An Account of Several New Inventions and Improvements now Necessary for England, in a Discourse by Way of Letter to the Earl of Marlborough,
relating to Building of our English Shipping, Planting of Oaken Timber in the Forrests, Apportioning of Publick Taxes, The Conservancy of all our Royal Rivers, in particular that of the Thames, The Surveys of the Thames, &c. Herewith also published at Large the Proceedings relating to the Mill'd Lead-sheathing, and the Excellency and Cheapness of Mill'd Lead in Preference to Cast Sheet-Lead for all other Purposes whatsoever. Also A Treatise of Naval Philosophy, written by Sir Will. Petty. The Whole is submitted to the Consideration of our English Patriots in Parliament Assembled.1691 Stock Code: 43068
NotesFirst edition. An impassioned, if sometimes diffuse, appeal for investment in England's maritime future, and the not entirely unrelated business interests of Messrs. Hale. A discursive essay which draws support for Hale's innovations from a wide variety of sources, technical and moral, from Phineas Pett to Galileo. Sir William Petty, whose Political Arithmetic had given him particular prominence at this time, is invoked by name in the title, but his treatise is very brief (pp. 117-32) and can only be a synopsis. He had delivered a paper on building ships to the Royal Society in 1661. The manuscript of this, which is not known to have survived, was kept by Lord Brunker as too important to be published, and was, according to Keynes, almost certainly the source of the Treatise as printed here.
This copy with various contemporary manuscript corrections and additions. The errata has been emended, and "T.H." at the end of the introductory letter completed in ink to read "T. Hale". In particular a long manuscript note has been added to p. 33 of the section on "The New Invention of Mill'd Lead," and an addition has been made to the text of the "Memorial humbly offered by the Mill'd Lead Company " which concludes on p. 116 with a manuscript note directing the reader to an addition "at Ye end of this Booke" where there is a 16-line discussion of various "Tryalls" showing the great superiority of milled lead scuppers to cast lead ones. It concludes by reporting the orders given by the Navy Board to Mr. Hales for the supply of the former and an instruction that the latter be totally laid aside. These annotations were almost certainly made by or for Thomas Hale, who is recorded in the Treasury warrant books of 1703 as the joint proprietor, with Charles Hale, of the Milled Lead Work at Deptford. Keynes also noted a four-page pamphlet of 1695, Mill'd Lead, demonstrated to be a Better and more Durable Covering &c., to be had "at Mr. Hale's House, the Lead Mill." Evidently Hale's efforts were not entirely effective against the "superstitious Fancy" and "continual discouragements from the interests and artifices of plumbers and others", as a later warrant proposes to transfer "all their rights in the said mill and engine to her Majesty's use upon their being allowed a competent salary to manage the same for the Queen."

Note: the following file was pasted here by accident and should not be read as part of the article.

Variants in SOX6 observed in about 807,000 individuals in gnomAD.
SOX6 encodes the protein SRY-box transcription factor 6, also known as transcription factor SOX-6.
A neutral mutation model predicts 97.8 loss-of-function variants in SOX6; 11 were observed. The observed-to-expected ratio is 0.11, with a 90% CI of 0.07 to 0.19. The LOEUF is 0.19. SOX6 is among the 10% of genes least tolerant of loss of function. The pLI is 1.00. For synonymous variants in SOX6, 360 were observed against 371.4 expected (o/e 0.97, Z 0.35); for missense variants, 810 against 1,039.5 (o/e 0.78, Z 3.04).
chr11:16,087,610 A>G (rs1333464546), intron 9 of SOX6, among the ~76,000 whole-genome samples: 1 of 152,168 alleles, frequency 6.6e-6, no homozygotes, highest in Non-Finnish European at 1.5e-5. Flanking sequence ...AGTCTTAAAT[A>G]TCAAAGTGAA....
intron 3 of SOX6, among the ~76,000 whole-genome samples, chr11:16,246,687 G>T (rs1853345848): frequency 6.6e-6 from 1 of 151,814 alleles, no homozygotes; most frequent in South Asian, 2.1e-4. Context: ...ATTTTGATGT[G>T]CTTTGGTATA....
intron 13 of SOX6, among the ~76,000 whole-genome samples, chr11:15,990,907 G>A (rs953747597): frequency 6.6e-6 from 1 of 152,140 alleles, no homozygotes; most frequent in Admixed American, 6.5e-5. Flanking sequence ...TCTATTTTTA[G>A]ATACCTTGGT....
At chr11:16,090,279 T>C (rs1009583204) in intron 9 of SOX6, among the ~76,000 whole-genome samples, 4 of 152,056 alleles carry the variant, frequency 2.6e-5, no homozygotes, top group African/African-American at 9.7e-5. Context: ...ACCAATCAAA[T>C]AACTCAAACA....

Duodecimo (149 x 90mm). Contemporary panelled calf, neatly rebacked, red sprinkled edges.
2 folding tables. Near contemporary ownership inscription, "Thos. Smith" to the title page. Perhaps Captain Thomas Smith, "captain in the navy and renegade", who was "sentenced to death, and … executed on 18 June 1708 with all the barbarities directed by
Endpapers browned through paste-action, light browning throughout and some foxing, but overall very good.
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